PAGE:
Onion prices make farmers weep. Here's how the govt can help
It's a fact: whether an onion crop succeeds or fails, someone in India will be crying.
First, it was the consumers who wept when the crop was not great, and the retail price of onion shot through the roof to touch Rs 80 per kg.
And now, despite a bumper crop, it's the farmers who are crying. As per initial reports, the price has fallen to Rs 4-5 per kg in the wholesale market, while in some mandis, it is reported to have fallen to 30 paise per kg.
This means farmers are selling the produce well below the cost of production.
Reasons for the price drop
India's onion output is estimated to touch a new record at 203 lakh tonnes in the 2015-16 crop year.
Onion output had dropped to 189.2 lakh tonnes in the 2014-15 crop year (July-June) due to poor rains. The previous record output was 194 lakh tonnes in 2013-14.
The total land under onion cultivation was 12 lakh hectares this year, slightly higher than the 11.73 hectares last year.
Under normal circumstances, a bumper crop should mean happy days for farmers as well as consumers. But this is not the case in India, since the government doesn't give any support to farmers for crops other than wheat and rice.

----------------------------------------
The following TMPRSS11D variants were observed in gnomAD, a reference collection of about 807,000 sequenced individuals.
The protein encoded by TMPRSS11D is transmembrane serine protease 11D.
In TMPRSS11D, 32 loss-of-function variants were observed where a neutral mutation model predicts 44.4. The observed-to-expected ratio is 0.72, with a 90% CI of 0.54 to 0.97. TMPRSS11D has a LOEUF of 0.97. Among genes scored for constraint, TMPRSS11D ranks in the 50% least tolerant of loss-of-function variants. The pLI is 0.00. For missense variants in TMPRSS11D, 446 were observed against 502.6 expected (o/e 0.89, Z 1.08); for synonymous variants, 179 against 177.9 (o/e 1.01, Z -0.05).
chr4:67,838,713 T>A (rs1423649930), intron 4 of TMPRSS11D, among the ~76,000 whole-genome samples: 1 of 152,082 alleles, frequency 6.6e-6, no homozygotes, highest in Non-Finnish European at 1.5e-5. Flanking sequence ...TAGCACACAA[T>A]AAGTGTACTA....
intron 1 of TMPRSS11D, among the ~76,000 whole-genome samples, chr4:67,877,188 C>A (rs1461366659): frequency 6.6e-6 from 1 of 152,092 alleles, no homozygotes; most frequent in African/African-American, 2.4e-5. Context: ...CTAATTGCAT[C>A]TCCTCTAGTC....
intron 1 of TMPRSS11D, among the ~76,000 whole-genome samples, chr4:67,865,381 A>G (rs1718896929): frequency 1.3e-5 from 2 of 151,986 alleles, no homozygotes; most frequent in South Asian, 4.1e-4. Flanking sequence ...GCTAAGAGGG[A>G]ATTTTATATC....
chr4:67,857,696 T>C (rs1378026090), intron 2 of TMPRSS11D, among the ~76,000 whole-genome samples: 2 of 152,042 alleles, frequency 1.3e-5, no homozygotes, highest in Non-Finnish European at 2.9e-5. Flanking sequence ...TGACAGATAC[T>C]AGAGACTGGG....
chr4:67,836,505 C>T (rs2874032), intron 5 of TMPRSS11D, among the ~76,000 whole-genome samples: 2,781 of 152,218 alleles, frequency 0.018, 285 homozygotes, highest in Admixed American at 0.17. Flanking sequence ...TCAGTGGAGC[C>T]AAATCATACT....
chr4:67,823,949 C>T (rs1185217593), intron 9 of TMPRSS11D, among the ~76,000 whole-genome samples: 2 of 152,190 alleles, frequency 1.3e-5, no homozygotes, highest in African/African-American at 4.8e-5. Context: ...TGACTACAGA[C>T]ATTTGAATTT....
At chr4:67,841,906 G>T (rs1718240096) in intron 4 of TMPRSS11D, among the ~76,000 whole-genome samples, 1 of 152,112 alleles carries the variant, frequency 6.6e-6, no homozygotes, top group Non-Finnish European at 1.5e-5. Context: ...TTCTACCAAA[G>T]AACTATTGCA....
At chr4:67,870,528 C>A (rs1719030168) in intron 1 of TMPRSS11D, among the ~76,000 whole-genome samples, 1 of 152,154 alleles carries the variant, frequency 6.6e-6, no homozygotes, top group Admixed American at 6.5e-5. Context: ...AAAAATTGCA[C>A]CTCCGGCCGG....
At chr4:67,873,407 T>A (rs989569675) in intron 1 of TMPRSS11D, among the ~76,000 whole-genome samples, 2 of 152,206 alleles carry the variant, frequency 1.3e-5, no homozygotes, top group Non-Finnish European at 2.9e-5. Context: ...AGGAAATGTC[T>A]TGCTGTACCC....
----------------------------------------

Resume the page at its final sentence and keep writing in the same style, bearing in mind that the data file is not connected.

Therefore, the farmers have to compete with each other and sell their crop at throwaway prices. It's almost like punishment for harvesting a good crop.
When the crop is not good, and the farmers have a chance to make some money by selling their limited produce at a higher price. But in such a scenario, the government intervenes by importing the commodity to subdue the price.
This is what happened in 2015, when the government imported 1,000 tonnes of onion to bring the prices under control - they were brought down by almost 50%.
Who is making merry?
A bumper crop brings cheer to traders. The start quoting the lowest possible prices for onions the moment they get to know of a good crop.
Since traders have huge godowns to store the commodity, they can afford to purchase it at rock-bottom prices from the farmers, and release them at higher prices later on, when the supply drops.
What should the govt do?
The government can use the same strategy as the traders, albeit with better motives with respect to farmers. It can pick up the excess stock from the market and release it at a later stage.
According to Ajay Jakhar, chairman of the Bharatiya Krishak Samaj, a lobby group for farmers: "Farmers do not have the capacity to store their crop. The government should purchase 5-10% of their crop to stabilise the market, and stop the price from falling below the cost of production for farmers. After a few months, the government can sell this crop in the market, and distribute the benefit among the farmers."
Onion is a non-perishable commodity, and can be stored for many months without much expenditure on the part of the government.
For farmers, storing the corp is the problem, because of a lack of space. If the government helps them with its storage capacity, it would go a long way in abating the distress of the onion farmers.
Edited by Shreyas Sharma